The oft-overused comma.
We use these tools to construct language sets that define our lives. We mark them by events — some personal, some global — that affect our psyches in unforgettable ways.
Our first kiss. Graduation. Marriage. The births of our children.
An accident. A hospital stay.
Earthquakes. Tornadoes. Mudslides.
How often does someone ask you, “Where were you, or what were you doing when ...?”
Depending on your generation, the shared punctuation marks come at events such as the bombing of Pearl Harbor, the assassination of John F. Kennedy, the game-winning home run of Kirk Gibson in the 1988 World Series, the marriage of Prince Charles and Diana, the horrific assault of 9/11.
Pearl Harbor: I wasn’t yet born.
John F. Kennedy: The patio outside the library at Laguna Beach High School.
1988 World Series: I actually was there, in the stands, and in fact predicted the home run just before he swung the bat.
Charles and Diana: I didn’t pay much attention, but the rebroadcast processional was beautiful.
9/11: Watching the morning news in my family room before a not-to-be-taken walk with Cherril Doty.
When my mother’s house slid down the hillside in Bluebird Canyon, I was eating breakfast. The emergency sirens were relentless. The helicopters hovered over her neighborhood. She didn’t answer her phone. I turned on the TV, and there it was. Her house. A jumble of timbers amid a massive earthen upheaval. I ran the 12 blocks without a single thought of my knees or my feet. I can replay the mental tape with unerring and minute details, as all energy shifted to finding her, to safeguard her.
While the Laguna landslide wasn’t a global event, photographs of her shattered home were reproduced on the cover of the New York Times. It was local but for some of us intensely personal, and our memory records the incident with a different determination.
When the earthquake struck Chile, Laguna did not share in the catastrophic shift of land and buildings. But I’m sure that most of us tapped into our memories of the Northridge or San Francisco quakes, our own canyon mudslides and the Laguna firestorms.
Photographs of broken buildings boggle the mind when they are distant. Our intellects grasp the house-of-cards scenario, but we have to turn inward to develop a conceptual relationship.
Laguna had 31 houses damaged in the Bluebird slide. Chile has more than 500,000. We found homes and shelter. They are sleeping on the streets.
The possibility of tsunami in the aftermath of Chilean quake drove the news. Cameras shifted from images of ruined buildings in Santiago and Concepcion to the placid coastline of Hawaii.
After massive walls of water — up to 100 feet high — swept through Indian Ocean in 2004 following the Sumatran earthquake and killed 230,000 people, we developed a new understanding and respect for the power of the Earth’s movement to generate changes in the sea.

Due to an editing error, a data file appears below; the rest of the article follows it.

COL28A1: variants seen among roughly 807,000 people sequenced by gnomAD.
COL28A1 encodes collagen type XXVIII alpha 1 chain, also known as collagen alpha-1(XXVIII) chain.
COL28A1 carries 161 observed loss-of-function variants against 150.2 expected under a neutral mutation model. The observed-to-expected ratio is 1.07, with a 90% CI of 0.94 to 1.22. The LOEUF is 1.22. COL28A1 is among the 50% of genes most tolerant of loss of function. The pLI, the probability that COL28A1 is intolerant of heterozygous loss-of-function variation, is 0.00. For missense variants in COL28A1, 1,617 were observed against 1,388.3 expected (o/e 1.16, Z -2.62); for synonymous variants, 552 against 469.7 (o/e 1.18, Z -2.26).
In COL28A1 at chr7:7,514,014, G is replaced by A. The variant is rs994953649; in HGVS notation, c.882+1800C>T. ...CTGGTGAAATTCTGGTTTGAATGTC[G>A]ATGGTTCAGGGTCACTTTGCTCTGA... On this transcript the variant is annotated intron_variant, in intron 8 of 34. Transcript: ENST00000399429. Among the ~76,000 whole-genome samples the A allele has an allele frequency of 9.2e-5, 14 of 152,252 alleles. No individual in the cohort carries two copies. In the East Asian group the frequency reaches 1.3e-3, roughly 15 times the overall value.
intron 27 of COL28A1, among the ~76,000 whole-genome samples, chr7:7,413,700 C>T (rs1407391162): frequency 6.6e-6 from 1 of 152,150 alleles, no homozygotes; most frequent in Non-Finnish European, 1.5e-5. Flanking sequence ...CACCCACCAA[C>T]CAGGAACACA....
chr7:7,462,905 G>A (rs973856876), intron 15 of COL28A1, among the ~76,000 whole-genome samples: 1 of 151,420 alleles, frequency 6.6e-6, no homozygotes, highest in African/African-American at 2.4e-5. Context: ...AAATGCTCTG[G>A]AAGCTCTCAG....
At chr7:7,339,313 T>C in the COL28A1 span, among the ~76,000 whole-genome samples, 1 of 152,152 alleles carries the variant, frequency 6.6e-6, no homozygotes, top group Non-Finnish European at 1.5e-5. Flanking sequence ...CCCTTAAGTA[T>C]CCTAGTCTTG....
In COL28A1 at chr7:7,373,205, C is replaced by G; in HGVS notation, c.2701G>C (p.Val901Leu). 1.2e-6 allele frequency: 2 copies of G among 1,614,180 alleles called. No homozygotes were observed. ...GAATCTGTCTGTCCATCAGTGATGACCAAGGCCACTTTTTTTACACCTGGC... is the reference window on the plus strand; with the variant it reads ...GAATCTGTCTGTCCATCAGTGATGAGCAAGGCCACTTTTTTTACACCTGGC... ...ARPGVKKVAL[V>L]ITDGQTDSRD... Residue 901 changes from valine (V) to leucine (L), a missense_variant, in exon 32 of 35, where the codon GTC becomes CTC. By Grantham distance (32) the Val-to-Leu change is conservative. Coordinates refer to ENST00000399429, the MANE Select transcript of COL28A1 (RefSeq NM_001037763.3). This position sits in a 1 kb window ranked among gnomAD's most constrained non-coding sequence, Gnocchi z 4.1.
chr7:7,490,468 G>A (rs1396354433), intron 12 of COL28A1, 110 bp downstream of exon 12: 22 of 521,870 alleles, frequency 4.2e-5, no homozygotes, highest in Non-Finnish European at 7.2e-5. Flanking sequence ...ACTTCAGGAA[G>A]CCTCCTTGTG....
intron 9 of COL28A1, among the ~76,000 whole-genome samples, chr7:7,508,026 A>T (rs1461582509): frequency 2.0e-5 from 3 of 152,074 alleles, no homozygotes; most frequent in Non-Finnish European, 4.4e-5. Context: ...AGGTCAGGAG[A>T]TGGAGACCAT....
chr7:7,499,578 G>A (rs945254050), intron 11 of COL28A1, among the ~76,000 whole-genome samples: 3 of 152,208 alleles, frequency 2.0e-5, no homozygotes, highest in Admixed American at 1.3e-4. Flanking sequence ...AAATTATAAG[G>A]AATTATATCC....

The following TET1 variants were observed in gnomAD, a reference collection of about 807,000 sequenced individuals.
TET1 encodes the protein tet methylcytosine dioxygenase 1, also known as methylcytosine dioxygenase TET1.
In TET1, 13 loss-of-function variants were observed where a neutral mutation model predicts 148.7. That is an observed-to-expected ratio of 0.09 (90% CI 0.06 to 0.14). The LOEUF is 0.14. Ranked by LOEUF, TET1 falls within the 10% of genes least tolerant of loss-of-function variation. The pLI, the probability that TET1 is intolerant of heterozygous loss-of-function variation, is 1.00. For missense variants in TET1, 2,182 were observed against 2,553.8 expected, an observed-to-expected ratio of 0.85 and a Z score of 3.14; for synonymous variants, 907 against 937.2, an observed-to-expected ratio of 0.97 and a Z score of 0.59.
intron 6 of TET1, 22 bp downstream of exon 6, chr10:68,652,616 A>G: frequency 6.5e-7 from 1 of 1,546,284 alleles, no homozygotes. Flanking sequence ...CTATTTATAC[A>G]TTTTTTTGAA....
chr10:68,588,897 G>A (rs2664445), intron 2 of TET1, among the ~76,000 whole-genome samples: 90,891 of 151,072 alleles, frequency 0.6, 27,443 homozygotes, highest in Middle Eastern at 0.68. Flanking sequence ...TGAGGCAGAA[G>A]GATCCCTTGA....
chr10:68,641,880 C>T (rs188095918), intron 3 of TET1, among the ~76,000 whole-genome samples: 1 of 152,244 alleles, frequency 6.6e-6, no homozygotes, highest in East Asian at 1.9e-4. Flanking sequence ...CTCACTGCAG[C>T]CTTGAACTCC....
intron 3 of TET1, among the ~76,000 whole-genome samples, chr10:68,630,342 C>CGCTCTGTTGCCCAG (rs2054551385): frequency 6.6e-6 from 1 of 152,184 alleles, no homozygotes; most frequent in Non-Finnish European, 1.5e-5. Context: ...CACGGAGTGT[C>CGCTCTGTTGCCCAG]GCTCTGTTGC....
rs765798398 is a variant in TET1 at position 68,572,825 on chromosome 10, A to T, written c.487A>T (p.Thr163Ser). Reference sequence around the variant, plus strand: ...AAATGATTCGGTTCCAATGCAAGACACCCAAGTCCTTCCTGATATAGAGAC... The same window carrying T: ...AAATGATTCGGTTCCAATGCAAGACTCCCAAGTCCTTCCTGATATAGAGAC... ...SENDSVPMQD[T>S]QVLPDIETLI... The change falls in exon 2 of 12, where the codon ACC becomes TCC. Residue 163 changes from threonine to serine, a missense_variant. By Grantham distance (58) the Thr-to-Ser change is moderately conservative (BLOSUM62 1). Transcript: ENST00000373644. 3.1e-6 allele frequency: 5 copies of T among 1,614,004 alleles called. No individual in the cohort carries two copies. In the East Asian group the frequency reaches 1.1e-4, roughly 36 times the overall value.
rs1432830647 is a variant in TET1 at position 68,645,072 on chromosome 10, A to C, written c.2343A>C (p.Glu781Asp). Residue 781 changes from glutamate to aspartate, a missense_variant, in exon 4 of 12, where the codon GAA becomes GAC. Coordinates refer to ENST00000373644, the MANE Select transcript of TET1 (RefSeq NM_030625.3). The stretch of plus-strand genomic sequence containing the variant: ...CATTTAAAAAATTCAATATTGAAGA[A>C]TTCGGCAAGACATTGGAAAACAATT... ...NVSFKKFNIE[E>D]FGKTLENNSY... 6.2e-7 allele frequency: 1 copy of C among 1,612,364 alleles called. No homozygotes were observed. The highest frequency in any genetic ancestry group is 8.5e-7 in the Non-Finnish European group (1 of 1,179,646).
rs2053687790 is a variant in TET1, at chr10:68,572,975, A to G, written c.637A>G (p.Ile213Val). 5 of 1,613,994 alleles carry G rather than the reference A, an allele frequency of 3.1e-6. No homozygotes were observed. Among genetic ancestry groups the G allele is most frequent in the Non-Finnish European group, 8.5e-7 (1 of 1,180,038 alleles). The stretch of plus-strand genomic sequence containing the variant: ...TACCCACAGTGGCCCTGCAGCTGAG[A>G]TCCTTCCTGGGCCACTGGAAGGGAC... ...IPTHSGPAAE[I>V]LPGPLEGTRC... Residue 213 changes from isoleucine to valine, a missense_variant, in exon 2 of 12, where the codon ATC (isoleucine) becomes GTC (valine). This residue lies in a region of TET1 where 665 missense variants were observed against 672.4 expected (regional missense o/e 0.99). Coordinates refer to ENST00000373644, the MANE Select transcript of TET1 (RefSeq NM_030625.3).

What scientists knew, what the ocean sensors registered, were seismic driven shifts in the water levels following the Chilean quake. What they could not predict was the amplitude — the rise and fall — of the potential chain of waves.
Hawaii went on mandatory beach-level evacuation. Fear punctuated the morning with a projected arrival time based on an understood speed of travel. The potential for damage across the Pacific was palpable. Alerts were issued for distant Japan and coastal California.
As cameras panned from one Hawaiian beach to another, TV newscasters interviewed evacuees who were sipping mai tai’s and basking on sunny hilltop slopes. They seemed completely nonplussed. Those of us with televisions plugged to CNN and held our breath.
Gratefully, the tsunami never materialized, at least not on our national slopes. At one point, there was a measured retreat of water in Hilo Bay of about 3 feet, but there was no surge response wave.
What the cameras missed, with focus on swaying palms, what they did not see or yet know, was that an entire village on the Chilean coastline had basically been swept away.
The Juan Fernandez Islands, about 400 miles off the coast of mainland Chile, were inundated by waves reported in excess of 130 feet. In the coastal towns of Illoca, Pelluhue and Tubul, able residents ran for their lives. The first waves hit in minutes. The larger ones came ashore within an hour.
It was dark. They likely never saw them.
What I noticed in Laguna was ... nothing. Not even a ripple.
It was hard to imagine the sea in a frenzy and I was grateful that our fears of tidal devastation had been allayed. Only hours before the earthquake struck, I’d surfed with a pod of dolphins on glassy seas, and kayaked in Dana Point with another frolicking trio.
Forever dolphins and the Chilean quake will be tied in my memory. My own punctuation mark on an incident that could just as likely have happened here.
Both Chileans and Californians live on slippery slopes. We share the ring of fire geography and are constantly reminded of the shifting nature of the land beneath us.
Which reminds me: My earthquake preparedness kit is seriously out-of-date and needs to be replenished. How about yours?
CATHARINE COOPER loves wild places. She can be reached at firstname.lastname@example.org